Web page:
Lena Dunham Stands With Kesha, Pens Emotional Open Letter
Musician Jack Antanoff, along with a growing number of other artists, has already pledged his support for Kesha and offered to work with the legally-strapped singer on future material. Now his girlfirend, Girls creator and star Lena Dunham, is speaking out on why Kesha’s case against producer Dr. Luke (real name: Lukasz Gottwald) is about more than a pop star simply trying to free herself from a multi-million dollar contract.
“When I saw the outcome of Kesha’s court case last Friday, I felt sick. Actually sick — I wanted to ask my Uber to pull over so I could throw up in a New York City trash can,” begins Dunham’s essay on the matter, which she wrote for Lenny Letter. “The photos of her beautiful face crumpled with tears, the legally necessary but sickening use of the word “alleged” over and over in reference to the assault she says she remembers so vividly — it all created a special brand of nausea that comes when public events intersect with your most private triggers.”
Emotional stuff. And Dunham jumps further into the matter with the following:
Now Kesha has requested an immediate injunction that would allow her to begin to record without Dr. Luke. I think this seems like a pretty reasonable request. While the allegations of sexual assault and emotional abuse cannot be proven definitively, I think Kesha’s words speak for themselves: “I know I cannot work with Dr. Luke. I physically cannot. I don’t feel safe in any way.”
Sony could make this go away. But instead the company has chosen to engage in a protracted legal battle to protect Gottwald’s stake in Kesha’s future. Although the company insists that Kesha and Gottwald never need to be in a room together and that he will allow her to record without his direct involvement, they are minimizing what Kesha says regarding how Gottwald’s continued involvement in her career would affect her physical well-being and psychological safety.
So let me spell it out for them. Imagine someone really hurt you, physically and emotionally. Scared you and abused you, threatened your family. The judge says that you don’t have to see them again, BUT they still own your house. So they can decide when to turn the heat on and off, whether they’ll pay the telephone bill or fix the roof when it leaks. After everything you’ve been through, do you feel safe living in that house? Do you trust them to protect you?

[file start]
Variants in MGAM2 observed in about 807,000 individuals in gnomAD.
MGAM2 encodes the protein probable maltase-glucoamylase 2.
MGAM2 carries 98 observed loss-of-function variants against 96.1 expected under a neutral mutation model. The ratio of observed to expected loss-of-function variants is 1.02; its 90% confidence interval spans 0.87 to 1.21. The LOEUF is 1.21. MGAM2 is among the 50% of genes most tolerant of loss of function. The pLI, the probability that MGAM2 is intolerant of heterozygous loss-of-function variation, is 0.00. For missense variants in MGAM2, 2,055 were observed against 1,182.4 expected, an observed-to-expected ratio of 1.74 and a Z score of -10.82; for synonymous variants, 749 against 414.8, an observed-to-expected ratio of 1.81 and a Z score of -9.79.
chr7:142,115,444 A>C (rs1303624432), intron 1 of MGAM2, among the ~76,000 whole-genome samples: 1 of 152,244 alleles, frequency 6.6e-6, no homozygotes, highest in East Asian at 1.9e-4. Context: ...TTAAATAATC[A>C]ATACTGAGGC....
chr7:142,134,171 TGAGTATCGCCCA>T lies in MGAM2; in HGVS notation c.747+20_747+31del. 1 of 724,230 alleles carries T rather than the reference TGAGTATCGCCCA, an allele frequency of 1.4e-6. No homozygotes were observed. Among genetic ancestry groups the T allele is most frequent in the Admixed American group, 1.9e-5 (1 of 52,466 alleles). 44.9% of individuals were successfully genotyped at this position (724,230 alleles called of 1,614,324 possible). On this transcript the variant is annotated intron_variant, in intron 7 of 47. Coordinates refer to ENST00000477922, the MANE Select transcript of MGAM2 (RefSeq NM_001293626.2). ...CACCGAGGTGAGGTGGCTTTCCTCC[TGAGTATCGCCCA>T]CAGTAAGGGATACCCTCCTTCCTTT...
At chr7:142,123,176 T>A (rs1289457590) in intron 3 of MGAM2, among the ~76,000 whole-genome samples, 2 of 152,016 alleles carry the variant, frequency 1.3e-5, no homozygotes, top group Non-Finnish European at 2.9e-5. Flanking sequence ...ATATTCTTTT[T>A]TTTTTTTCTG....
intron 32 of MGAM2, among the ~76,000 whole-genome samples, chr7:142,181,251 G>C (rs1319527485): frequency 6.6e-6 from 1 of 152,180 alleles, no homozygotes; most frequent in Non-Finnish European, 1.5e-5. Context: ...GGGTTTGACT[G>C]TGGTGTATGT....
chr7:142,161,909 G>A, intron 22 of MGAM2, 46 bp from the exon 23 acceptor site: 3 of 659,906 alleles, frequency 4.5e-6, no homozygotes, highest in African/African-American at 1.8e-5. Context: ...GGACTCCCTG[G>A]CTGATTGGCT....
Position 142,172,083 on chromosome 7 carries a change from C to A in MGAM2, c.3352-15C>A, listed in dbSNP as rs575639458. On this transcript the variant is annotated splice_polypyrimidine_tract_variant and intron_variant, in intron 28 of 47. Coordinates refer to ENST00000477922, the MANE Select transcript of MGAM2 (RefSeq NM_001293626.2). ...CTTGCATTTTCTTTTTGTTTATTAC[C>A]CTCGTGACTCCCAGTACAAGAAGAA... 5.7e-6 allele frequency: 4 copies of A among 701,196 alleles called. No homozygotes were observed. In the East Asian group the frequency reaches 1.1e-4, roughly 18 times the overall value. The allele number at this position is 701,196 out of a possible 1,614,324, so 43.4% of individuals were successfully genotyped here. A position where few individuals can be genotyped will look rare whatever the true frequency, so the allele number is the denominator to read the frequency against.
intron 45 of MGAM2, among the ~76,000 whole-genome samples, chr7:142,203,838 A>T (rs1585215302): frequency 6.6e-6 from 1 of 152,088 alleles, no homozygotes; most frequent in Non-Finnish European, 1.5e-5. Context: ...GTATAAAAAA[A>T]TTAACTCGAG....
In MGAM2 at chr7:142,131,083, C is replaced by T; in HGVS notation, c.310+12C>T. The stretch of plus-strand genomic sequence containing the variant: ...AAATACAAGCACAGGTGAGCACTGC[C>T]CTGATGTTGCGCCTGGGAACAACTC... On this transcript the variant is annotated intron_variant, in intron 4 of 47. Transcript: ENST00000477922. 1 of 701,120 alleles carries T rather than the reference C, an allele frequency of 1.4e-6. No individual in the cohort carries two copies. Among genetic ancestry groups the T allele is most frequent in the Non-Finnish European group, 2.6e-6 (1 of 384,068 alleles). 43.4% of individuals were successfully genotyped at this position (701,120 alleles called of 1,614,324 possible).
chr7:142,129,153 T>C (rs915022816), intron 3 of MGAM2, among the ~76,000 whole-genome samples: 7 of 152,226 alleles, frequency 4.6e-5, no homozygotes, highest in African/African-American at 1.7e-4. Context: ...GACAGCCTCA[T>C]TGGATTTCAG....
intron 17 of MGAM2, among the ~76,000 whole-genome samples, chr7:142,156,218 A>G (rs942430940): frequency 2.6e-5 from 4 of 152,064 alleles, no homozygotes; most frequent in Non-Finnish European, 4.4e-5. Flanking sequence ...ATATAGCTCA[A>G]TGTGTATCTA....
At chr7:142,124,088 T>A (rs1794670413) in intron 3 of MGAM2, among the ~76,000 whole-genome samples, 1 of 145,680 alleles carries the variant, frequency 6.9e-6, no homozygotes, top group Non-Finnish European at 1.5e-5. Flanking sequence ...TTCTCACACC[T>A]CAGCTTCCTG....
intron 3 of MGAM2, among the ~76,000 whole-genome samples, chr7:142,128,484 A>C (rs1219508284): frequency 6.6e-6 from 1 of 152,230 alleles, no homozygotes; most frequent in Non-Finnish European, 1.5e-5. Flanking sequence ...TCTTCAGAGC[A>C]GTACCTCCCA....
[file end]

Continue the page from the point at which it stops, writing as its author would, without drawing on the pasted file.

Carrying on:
That explanation is really for the judge, Shirley Kornreich, who questioned why — if they could be physically separated as Sony has promised — Kesha could not continue to work for Gottwald. After all, she said, it’s not appropriate to “decimate a contract that was heavily negotiated.” Guess what else is heavily negotiated? The human contract that says we will not hurt one another physically and emotionally. In fact, it’s so obvious that we usually don’t add it to our corporate documents.
Dunham also brings up the following, all too valid prediction: “A huge part of Kesha’s argument rests on her lawyer’s assertion that Gottwald, potentially enraged by Kesha’s sexual-assault allegations, could make efforts to bury her subsequent albums, preventing her from publicizing and therefore profiting from her work. This kind of control is a cornerstone of domestic abuse, and it’s far too common: according to the National Network to End Domestic Violence, financial abuse is an aspect of approximately 98 percent of abusive relationships. When a woman is not in control of her financial destiny, either because her partner is the primary breadwinner or because he makes financial decisions for the entire family, her world is made minuscule. Her resources evaporate. Fear dominates.”
Lena Dunham’s full letter for Lenny can be read here. Where do you stand on Kesha’s court case?